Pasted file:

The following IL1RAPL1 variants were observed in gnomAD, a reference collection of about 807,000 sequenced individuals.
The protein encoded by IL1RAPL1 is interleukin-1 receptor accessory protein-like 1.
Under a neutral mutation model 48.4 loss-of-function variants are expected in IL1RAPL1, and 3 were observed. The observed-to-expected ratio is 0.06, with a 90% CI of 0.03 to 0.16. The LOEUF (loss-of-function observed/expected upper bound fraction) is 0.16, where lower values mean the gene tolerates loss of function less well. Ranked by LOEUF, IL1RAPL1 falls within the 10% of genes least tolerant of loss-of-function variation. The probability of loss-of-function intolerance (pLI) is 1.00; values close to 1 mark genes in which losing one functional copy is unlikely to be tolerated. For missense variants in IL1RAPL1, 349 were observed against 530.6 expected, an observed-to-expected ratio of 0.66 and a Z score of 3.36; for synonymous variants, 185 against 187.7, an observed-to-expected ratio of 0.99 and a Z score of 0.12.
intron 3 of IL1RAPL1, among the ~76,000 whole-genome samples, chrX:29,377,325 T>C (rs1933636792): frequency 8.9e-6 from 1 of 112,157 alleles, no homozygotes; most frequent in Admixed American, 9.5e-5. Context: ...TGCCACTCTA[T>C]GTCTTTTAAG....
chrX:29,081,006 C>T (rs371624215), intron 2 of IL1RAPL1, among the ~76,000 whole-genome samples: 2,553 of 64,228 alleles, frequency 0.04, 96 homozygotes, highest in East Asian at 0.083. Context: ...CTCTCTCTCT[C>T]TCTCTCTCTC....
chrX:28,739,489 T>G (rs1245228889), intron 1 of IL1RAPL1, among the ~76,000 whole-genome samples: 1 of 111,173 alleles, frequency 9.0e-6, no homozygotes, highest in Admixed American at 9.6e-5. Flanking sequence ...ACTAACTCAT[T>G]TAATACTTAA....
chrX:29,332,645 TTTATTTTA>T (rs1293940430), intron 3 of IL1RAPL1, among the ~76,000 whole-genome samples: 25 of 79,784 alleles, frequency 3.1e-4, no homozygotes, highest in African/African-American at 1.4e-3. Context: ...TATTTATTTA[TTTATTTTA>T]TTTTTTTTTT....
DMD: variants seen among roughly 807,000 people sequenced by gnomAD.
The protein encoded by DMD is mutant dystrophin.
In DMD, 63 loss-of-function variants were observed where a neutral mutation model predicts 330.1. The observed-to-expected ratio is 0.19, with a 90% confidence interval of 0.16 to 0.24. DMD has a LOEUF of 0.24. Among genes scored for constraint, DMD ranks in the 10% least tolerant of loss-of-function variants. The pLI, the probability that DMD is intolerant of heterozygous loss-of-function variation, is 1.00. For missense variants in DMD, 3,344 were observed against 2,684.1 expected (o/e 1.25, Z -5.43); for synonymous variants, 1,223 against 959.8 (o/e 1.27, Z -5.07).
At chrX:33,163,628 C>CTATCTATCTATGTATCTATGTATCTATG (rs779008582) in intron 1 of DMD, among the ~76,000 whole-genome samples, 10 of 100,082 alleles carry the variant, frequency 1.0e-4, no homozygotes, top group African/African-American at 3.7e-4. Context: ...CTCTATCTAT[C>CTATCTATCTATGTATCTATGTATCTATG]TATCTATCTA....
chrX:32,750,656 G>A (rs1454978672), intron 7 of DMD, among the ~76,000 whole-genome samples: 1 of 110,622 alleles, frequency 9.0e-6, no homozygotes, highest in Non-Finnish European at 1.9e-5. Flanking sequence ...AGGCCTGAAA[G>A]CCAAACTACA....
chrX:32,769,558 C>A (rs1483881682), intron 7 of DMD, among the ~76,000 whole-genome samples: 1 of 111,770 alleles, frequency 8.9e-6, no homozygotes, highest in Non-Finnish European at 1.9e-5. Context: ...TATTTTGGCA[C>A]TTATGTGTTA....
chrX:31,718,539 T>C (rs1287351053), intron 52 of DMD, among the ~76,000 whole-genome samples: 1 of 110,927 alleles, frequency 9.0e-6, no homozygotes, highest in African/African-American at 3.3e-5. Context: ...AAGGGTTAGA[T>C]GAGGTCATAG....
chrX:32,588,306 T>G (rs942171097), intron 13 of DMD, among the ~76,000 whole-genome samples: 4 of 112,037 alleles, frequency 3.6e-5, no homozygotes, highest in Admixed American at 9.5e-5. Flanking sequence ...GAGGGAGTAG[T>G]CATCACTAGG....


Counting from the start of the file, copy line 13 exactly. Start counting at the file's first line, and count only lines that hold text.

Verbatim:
chrX:32,769,558 C>A (rs1483881682), intron 7 of DMD, among the ~76,000 whole-genome samples: 1 of 111,770 alleles, frequency 8.9e-6, no homozygotes, highest in Non-Finnish European at 1.9e-5. Context: ...TATTTTGGCA[C>A]TTATGTGTTA....